Mattel clearly did its research when creating this Barbie.
Mattel, the parent company of Barbie, clearly researched Day of the Dead when creating this Barbie. Designers included cempasúchil, which are used to decorate altars and help the spirits of the dead find their way to their living loved ones. They included monarch butterflies, which migrate to Mexico at the same time of the year that Day of the Dead is celebrated (October 31 to November 2). They clearly tried to get it right so as not to offend, so why are people still offended?
Where Mattel sees cultural appreciation and homage, some see cultural appropriation.
"Is this a bad joke or what? #Mattel toy company plans the release and promotion of a Day of the Dead barbie... Dia de los Muertos is one of our most sacred traditions in Mexico dating back to prehispanic days. STOP PRODUCTION!"
Is this cultural appropriation at its worst?
Another equally offended Twitter user thinks that Mattel profiting from what "is a religious celebration for the indigenous ppl of Mexico" is the epitome of cultural appropriation. There's no doubt that releasing the doll just in time for this year's Day of the Dead celebration will indeed make Mattel some money.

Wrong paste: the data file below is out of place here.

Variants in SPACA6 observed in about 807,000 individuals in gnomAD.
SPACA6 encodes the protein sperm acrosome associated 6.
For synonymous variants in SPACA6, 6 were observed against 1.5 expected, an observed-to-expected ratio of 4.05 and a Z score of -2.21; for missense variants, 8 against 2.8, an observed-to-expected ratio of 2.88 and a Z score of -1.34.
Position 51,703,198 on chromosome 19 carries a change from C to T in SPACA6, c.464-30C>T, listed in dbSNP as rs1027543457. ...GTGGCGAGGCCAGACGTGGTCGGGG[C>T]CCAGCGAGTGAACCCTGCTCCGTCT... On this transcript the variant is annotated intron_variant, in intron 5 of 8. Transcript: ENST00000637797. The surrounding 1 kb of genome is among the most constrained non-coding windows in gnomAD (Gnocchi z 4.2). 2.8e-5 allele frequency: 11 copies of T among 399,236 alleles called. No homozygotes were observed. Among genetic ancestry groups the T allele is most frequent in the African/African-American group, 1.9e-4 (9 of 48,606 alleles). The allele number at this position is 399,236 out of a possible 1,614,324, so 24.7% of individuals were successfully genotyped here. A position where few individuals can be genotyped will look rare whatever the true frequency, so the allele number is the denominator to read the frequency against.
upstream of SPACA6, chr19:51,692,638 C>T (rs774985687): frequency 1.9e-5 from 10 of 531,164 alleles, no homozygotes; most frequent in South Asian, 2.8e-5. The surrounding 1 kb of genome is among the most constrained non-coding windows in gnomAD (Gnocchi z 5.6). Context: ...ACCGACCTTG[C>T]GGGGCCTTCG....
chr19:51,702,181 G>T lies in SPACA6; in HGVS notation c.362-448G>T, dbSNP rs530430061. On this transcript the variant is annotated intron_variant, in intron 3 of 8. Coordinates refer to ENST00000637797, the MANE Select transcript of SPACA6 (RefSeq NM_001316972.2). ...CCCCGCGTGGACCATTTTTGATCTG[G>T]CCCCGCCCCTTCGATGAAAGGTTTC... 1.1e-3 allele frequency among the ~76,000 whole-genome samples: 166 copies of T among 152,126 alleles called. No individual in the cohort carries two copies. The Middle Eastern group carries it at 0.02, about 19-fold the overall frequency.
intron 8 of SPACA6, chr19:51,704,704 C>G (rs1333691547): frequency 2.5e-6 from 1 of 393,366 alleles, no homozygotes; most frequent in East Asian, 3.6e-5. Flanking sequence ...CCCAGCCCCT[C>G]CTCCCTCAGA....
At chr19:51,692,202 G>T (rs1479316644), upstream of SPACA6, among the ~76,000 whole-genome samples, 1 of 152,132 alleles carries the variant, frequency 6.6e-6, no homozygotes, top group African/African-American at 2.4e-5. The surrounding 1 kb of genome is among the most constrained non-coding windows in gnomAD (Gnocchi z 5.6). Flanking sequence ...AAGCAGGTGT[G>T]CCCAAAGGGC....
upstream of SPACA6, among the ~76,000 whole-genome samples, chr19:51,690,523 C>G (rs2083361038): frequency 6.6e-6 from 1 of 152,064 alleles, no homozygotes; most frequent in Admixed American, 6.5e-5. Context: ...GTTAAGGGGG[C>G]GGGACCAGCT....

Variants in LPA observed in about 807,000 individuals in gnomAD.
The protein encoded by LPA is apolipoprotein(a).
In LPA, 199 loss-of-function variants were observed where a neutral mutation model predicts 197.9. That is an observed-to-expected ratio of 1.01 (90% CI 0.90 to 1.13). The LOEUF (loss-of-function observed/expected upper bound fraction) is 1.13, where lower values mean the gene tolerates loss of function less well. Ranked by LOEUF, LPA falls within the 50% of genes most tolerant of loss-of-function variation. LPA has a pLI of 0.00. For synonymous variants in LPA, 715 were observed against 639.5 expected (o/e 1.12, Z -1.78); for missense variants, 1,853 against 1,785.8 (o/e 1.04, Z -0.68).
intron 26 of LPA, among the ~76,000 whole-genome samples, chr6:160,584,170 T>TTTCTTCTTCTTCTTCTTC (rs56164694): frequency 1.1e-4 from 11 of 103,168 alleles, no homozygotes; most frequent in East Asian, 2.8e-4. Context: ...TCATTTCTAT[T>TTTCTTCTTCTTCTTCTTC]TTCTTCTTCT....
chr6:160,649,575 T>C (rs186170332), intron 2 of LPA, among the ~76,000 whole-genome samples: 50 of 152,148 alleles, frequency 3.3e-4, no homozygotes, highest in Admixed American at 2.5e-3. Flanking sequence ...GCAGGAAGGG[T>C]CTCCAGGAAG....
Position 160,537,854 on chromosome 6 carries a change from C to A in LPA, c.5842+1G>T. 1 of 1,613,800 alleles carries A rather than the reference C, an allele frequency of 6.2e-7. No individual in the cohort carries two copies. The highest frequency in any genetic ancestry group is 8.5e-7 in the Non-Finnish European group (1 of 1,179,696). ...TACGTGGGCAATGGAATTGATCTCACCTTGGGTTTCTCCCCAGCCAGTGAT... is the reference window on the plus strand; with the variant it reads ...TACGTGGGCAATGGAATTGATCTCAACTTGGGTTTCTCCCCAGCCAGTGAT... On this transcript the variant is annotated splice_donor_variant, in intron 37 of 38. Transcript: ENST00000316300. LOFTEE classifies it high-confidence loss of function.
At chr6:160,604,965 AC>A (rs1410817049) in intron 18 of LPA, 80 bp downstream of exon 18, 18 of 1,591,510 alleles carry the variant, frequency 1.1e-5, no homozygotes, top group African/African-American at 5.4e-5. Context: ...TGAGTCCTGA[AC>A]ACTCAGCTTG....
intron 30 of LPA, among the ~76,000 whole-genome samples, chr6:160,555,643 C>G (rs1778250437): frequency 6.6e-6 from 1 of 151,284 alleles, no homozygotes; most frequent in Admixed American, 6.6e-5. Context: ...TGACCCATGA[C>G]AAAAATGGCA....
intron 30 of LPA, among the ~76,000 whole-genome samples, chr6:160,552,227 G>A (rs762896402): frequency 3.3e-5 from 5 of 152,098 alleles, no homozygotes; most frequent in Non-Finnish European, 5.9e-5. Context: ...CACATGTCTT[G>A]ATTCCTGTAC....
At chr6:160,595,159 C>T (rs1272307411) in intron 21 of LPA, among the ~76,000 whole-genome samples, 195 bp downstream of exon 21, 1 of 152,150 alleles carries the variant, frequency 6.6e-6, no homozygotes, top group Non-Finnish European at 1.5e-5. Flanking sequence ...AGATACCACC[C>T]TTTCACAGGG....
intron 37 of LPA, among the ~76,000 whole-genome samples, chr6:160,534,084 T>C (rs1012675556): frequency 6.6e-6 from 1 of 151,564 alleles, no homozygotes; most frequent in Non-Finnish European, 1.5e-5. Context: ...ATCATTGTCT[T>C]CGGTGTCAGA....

It's OK to be torn.
Here's the thing: When it comes to issues of cultural appropriation versus cultural appreciation, there isn't always a clear-cut answer. You have to follow your conscience and your gut.
If the doll speaks to you and makes you happy that Day of the Dead is being recognized and appreciated, then buy it--that is, if you can afford it. If the doll offends you, then don't buy it. The United States is a capitalist society, and we vote with our wallets.